Primal Randonneur Mens 4 Pocket Wind Vest - riding.jpg

So, while it's pretty light at 123g and scrunches down to fist-sized, it's more than just an emergency layer to stow away, thanks largely to four generous rear pockets (two fabric, two mesh). Though they're elasticated, they're not quite deep or tight enough for me to trust them with a phone, though clothing and gels stay perfectly secure.

Primal Randonneur Mens 4 Pocket Wind Vest - pockets.jpg
Primal Randonneur Mens 4 Pocket Wind Vest - side pockets.jpg

The fit was more of a problem. The Randonneur is cut slim, while the fabric gives barely a couple of centimetres of stretch. This makes sizing critical, and – race cut or not – it comes up small. Primal lists the medium for chests of 96-104cm, and though I'm bang in the middle of that range, it proved both too tight across the chest and rather short in the body.

Sizing up to a large (104-109cm) fixed it, but even this sits across my pectorals in a way that makes me glad I'm not 109cm – even with just two thin layers beneath. Surely even racers need room to breathe? In the large, I never felt restricted while riding, though it's still as tight as I'd ever want a not-especially-stretchy top to be. Bear this in mind if you're towards the top end of any bracket.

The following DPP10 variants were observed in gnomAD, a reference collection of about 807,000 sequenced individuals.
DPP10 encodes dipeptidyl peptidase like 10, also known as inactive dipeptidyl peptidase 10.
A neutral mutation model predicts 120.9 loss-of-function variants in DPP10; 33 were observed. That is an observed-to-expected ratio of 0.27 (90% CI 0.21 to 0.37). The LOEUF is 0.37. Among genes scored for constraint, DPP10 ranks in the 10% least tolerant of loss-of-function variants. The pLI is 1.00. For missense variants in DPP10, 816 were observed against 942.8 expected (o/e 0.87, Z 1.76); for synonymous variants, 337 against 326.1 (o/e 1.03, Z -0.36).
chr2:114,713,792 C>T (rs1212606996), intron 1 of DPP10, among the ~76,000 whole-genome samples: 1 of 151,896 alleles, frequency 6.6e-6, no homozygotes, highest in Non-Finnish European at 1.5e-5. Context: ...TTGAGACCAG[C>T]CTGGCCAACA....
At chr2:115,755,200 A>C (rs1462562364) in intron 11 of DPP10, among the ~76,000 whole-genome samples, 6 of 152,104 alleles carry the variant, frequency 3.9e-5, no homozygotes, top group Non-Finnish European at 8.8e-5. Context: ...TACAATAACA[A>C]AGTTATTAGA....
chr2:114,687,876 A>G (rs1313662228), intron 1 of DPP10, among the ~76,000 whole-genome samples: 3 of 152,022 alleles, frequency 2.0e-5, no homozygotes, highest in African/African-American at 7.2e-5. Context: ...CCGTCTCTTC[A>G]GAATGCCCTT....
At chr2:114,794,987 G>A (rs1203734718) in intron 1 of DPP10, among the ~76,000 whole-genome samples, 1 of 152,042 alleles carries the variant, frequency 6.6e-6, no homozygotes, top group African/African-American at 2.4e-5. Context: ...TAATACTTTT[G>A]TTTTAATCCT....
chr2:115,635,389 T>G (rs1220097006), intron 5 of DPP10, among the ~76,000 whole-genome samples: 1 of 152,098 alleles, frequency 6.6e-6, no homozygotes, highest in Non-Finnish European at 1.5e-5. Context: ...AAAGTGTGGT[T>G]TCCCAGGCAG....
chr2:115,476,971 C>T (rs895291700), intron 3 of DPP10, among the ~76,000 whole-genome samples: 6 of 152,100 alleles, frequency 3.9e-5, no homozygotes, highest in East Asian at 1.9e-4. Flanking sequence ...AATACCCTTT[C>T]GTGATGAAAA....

Primal Randonneur Mens 4 Pocket Wind Vest - shoulders.jpg

If you're looking just for emergency wind protection, the likes of Condor's Professional Gilet or dhb's Aeron Windslam can be cheaper, lighter and smaller when packed. Perhaps the Randonneur's greatest rival, though, is the £55 Shimano Compact Wind Vest, which does a very good job.

> Buyer's Guide: 9 of the best cycling gilets

With a wind-flap behind the zip, the Randonneur would be useful to far lower temperatures and a real go-to garment. As it is, however, it's a well-made and reliable gilet for taking the edge off during cold, rather than freezing, rides.


A well-made and useful gilet for chilly days, but not as versatile as it could be – and check the fit test report

Make and model: Primal Randonneur Gilet

Size tested: Medium

Tell us what the product is for

Primal says: "This Race Cut Wind Vest or Gilet is the most versatile piece in the Primal Collection, perfect for unpredictable weather. This wind and water resistant vest is made with lightweight Altero fabric and a 2-way YKK zipper that allows you to create additional airflow while keeping cold air off your chest. Two rear cargo pockets provide easy access to store warmers and additional layers, whilst the addition 2 another 2 mesh side pockets allow extra storage."

The zip is a normal zip.